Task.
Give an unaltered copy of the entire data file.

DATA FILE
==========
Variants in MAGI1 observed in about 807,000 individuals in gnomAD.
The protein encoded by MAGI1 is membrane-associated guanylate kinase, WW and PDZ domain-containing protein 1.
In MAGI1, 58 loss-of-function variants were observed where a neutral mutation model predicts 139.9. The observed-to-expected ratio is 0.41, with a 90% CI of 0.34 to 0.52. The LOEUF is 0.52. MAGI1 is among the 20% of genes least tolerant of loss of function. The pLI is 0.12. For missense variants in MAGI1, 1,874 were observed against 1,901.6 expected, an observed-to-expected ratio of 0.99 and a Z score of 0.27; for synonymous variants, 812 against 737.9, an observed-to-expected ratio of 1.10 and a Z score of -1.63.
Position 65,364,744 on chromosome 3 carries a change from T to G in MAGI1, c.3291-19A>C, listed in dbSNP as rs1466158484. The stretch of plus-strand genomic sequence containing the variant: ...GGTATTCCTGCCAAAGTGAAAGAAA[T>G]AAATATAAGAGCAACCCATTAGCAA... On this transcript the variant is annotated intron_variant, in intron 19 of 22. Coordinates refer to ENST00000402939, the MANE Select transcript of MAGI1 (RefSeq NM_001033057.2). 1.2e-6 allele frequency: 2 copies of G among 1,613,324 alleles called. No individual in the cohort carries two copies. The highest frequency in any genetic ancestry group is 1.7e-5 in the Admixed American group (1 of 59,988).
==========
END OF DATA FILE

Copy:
Variants in MAGI1 observed in about 807,000 individuals in gnomAD.
The protein encoded by MAGI1 is membrane-associated guanylate kinase, WW and PDZ domain-containing protein 1.
In MAGI1, 58 loss-of-function variants were observed where a neutral mutation model predicts 139.9. The observed-to-expected ratio is 0.41, with a 90% CI of 0.34 to 0.52. The LOEUF is 0.52. MAGI1 is among the 20% of genes least tolerant of loss of function. The pLI is 0.12. For missense variants in MAGI1, 1,874 were observed against 1,901.6 expected, an observed-to-expected ratio of 0.99 and a Z score of 0.27; for synonymous variants, 812 against 737.9, an observed-to-expected ratio of 1.10 and a Z score of -1.63.
Position 65,364,744 on chromosome 3 carries a change from T to G in MAGI1, c.3291-19A>C, listed in dbSNP as rs1466158484. The stretch of plus-strand genomic sequence containing the variant: ...GGTATTCCTGCCAAAGTGAAAGAAA[T>G]AAATATAAGAGCAACCCATTAGCAA... On this transcript the variant is annotated intron_variant, in intron 19 of 22. Coordinates refer to ENST00000402939, the MANE Select transcript of MAGI1 (RefSeq NM_001033057.2). 1.2e-6 allele frequency: 2 copies of G among 1,613,324 alleles called. No individual in the cohort carries two copies. The highest frequency in any genetic ancestry group is 1.7e-5 in the Admixed American group (1 of 59,988).